Coronavirus: it’s time to think positive
PUBLISHED: 16:30 03 April 2020 | UPDATED: 16:30 03 April 2020
One of the world’s largest hospitals – built in just a fortnight – is one reason to be optimistic, says financial expert Peter Sharkey.
My wife and I have always been avid watchers of the BBC’s 10 o’clock news. Over the years, it’s become a pivotal, relaxing, don-the-dressing-gown point in the day, though still capable of generating vociferous responses (from me) whenever a feature is ridiculously subjective or plain stupid.
Oh for a return of those days, when BBC reporters stood in front of the White House and blamed the US President for everything that was wrong in the world, or when presenters introduced features on how Alsatian dogs are better drivers than middle-aged men. I actually miss this nonsense.
More recently the news as reported by all media can only be described as depressing fare. No wonder there’s been a significant rise in the phenomenon known as ‘stress drinking’.
“Alcohol is so culturally embedded that people use it to deal with anxiety,” claimed one expert this week. They always have, but I understand that the nation’s unofficial cocktail hour has been moved forward to 5pm, a response, perhaps, to the government’s decision to label off-licences as ‘essential’ retail outlets.
Nevertheless, there was one piece of particularly uplifting news which made the 10 o’clock bulletin this week: the successful completion of London’s Nightingale Hospital, capable of accommodating 4,000 patients. Incredibly, the transformation from the capital’s Excel Centre to the world’s largest hospital was completed in less than a fortnight. This rare piece of good news provided viewers with a fine example of Britain’s limitless capabilities; not bad for a country supposedly incapable of standing on its own two feet, although I sincerely hope we have no use for the Nightingale’s impressive facilities.
A recent study, undertaken by the Oxford Said Business School, confirmed that individuals pay more attention to good news than to bad. Conversely, we’re much less inclined to take notice of a steady flow of bad news. This, says the study, explains why savers and investors check the value of their accounts or portfolios much less frequently when stock markets are nose-diving.
The Oxford study’s findings are replicated in everyday life: we tend to ignore potentially onerous tasks, from weeding the garden to washing the car, yet pre-Covid-19, we jumped at the opportunity to head down to the pub or meet friends for dinner.
With normal life temporarily suspended, however, these are incredibly worrying times for everyone: the coronavirus is news it’s impossible to ignore. But what happens once the rate at which people contract the virus begins to fall markedly – as it hopefully soon will? Can we resume our lives, go back to work, enjoy a pint at the local? It seems very unlikely; instead, we must expect some restrictions to remain in place for several months, possibly until the end of the year or beyond.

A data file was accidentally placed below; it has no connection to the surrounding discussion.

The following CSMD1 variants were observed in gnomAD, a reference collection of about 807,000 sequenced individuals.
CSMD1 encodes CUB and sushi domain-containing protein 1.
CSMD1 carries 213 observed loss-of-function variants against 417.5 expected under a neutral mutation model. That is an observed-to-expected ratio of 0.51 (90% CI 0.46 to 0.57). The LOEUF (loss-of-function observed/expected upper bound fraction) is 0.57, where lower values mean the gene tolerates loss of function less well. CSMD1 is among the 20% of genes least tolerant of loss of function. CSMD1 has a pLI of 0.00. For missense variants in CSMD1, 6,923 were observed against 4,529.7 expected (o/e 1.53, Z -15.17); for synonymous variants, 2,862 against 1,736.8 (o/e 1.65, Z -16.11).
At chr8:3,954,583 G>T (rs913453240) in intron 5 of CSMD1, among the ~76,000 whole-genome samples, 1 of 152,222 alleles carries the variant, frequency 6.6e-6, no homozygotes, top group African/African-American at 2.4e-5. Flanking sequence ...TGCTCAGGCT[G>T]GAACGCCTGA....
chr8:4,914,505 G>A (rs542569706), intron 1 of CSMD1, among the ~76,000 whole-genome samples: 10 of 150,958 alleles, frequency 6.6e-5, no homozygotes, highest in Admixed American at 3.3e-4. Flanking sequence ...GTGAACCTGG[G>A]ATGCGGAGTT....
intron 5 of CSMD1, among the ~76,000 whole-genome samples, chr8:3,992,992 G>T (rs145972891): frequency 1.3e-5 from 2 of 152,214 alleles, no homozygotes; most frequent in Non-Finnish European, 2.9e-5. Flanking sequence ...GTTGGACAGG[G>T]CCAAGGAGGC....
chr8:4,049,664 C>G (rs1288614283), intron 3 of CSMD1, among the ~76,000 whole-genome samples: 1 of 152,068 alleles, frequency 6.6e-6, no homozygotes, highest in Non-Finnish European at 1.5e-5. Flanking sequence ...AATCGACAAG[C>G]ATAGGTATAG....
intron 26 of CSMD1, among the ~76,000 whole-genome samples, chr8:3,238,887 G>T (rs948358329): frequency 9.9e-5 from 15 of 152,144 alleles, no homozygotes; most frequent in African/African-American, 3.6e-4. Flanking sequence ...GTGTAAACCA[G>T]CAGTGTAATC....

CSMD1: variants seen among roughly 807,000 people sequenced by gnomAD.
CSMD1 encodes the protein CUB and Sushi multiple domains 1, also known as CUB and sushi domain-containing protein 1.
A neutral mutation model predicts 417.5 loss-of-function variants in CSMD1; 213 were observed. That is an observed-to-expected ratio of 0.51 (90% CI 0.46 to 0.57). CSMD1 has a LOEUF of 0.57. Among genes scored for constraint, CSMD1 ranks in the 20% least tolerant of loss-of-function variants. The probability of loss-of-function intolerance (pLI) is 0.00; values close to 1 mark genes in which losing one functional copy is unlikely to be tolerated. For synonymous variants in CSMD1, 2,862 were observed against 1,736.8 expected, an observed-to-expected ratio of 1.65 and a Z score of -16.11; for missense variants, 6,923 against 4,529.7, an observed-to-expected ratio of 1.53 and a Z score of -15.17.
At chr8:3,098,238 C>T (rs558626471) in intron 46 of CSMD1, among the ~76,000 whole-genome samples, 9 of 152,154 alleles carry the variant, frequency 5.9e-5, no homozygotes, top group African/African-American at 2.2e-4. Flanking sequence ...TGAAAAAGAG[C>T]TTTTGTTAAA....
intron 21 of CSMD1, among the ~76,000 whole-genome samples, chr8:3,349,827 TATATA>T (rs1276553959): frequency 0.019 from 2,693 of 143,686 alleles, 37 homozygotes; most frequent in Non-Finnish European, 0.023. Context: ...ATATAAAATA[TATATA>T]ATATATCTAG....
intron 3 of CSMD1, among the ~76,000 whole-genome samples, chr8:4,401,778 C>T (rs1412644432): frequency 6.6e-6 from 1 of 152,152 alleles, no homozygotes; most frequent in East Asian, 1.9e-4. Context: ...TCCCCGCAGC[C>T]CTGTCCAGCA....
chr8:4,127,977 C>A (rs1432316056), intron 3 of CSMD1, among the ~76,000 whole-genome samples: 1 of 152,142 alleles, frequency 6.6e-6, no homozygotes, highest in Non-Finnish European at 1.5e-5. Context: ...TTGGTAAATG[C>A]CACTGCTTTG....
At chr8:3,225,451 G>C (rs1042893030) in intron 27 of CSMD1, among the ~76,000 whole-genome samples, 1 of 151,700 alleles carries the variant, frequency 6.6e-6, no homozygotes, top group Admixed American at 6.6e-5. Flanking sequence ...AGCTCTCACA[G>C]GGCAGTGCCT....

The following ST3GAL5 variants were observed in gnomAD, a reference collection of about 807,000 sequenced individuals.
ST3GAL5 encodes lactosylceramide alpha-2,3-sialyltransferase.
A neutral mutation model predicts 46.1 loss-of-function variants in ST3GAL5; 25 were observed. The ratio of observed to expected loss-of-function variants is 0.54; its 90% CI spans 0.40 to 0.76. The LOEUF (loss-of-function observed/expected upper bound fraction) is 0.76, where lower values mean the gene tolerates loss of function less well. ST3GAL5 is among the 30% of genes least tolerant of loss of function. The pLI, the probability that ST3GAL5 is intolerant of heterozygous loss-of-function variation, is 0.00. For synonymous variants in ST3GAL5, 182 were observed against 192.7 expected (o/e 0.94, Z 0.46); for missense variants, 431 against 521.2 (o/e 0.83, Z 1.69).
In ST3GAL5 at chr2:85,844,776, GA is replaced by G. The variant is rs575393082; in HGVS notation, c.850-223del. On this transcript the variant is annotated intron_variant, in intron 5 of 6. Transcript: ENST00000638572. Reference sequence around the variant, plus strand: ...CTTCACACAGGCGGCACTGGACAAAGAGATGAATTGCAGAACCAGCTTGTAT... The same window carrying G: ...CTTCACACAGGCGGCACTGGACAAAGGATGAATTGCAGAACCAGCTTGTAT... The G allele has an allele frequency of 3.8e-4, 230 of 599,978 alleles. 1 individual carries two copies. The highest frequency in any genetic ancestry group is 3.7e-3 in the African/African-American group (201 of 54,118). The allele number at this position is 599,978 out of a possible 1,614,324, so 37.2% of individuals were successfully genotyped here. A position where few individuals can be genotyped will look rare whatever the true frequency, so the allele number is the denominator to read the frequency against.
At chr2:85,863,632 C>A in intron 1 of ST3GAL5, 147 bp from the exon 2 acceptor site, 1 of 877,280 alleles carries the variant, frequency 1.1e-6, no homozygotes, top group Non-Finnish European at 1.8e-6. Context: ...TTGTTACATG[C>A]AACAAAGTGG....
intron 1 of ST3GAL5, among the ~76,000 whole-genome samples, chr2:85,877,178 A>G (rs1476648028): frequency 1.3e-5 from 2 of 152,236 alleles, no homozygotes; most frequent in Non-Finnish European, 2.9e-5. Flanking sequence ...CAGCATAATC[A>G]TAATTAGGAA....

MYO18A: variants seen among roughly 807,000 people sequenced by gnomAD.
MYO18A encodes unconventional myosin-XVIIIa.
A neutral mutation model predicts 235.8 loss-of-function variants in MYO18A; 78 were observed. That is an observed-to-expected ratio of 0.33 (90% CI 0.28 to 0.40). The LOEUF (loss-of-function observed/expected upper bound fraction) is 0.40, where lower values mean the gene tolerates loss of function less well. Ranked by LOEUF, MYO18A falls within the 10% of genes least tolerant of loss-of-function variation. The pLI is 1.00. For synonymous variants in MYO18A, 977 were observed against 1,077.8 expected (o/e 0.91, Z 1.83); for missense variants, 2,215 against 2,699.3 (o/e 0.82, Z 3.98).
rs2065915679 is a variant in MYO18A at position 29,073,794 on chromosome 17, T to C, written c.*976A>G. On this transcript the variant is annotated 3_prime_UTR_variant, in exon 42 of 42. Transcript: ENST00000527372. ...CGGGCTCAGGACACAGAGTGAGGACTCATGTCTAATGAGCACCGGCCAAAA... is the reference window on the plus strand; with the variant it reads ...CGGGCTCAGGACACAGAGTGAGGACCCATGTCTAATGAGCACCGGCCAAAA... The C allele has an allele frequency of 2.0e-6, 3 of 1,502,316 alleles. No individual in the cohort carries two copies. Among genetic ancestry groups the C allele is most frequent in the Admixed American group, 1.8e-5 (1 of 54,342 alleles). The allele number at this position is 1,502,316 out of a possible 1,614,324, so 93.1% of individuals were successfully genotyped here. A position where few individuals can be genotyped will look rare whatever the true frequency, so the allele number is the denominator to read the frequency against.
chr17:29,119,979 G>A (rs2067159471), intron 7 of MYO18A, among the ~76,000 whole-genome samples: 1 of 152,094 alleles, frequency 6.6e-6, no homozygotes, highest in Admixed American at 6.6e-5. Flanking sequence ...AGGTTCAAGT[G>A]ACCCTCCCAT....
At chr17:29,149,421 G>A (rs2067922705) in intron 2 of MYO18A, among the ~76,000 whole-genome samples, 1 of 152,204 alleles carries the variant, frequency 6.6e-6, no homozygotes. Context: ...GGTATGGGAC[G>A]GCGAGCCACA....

Yet we can be confident that eventually, the virus will be contained; sick people will get better and life will return to normality. Moreover, financial markets will also bounce back because they always do. Over the past century, they’ve recovered from two World Wars, the Great Depression, several oil crises, severe crashes of 1974 and 1987, the dotcom collapse and, most recently, from the global financial crisis of 2008.
Reasons, then, to be cheerful – or at least optimistic?
Writing in Investors Chronicle, economist Chris Dillow pointed out that Bank of England data on share prices goes back to 1709. “During this time,” he noted, “there have been 23 months when share prices have fallen by 10 percent or more…But there have also been 25 months in this time when prices have risen by 10 percent or more.”
In other words, he concludes, share price increases are just as likely as crashes, another cause for optimism, especially for folks who have reluctantly checked the value of their pension pots recently.
Was there a hint of similarly cautious optimism in this week’s news, a hint that we may not be too far away from reaching the point at which scientists and healthcare professionals start getting on top of things and slowing the spread of coronavirus?
Let’s hope so, because while the last couple of weeks haven’t lost their extended public holiday feel, everyone wants a return to normal life as soon as possible. And when that starts to happen, it’ll worth bearing Mr Dillow’s words in mind.
TAM Asset Management Ltd offer investors the opportunity to invest their savings in Investment ISA portfolios comprising a variety of different funds pursuing long-term cautious, balanced or adventurous strategies. For further details, please visit the MoneyMapp website. Please note: with investing, your capital is at risk.
For more financial advice, check out Peter Sharkey’s regular column, The Week In Numbers.
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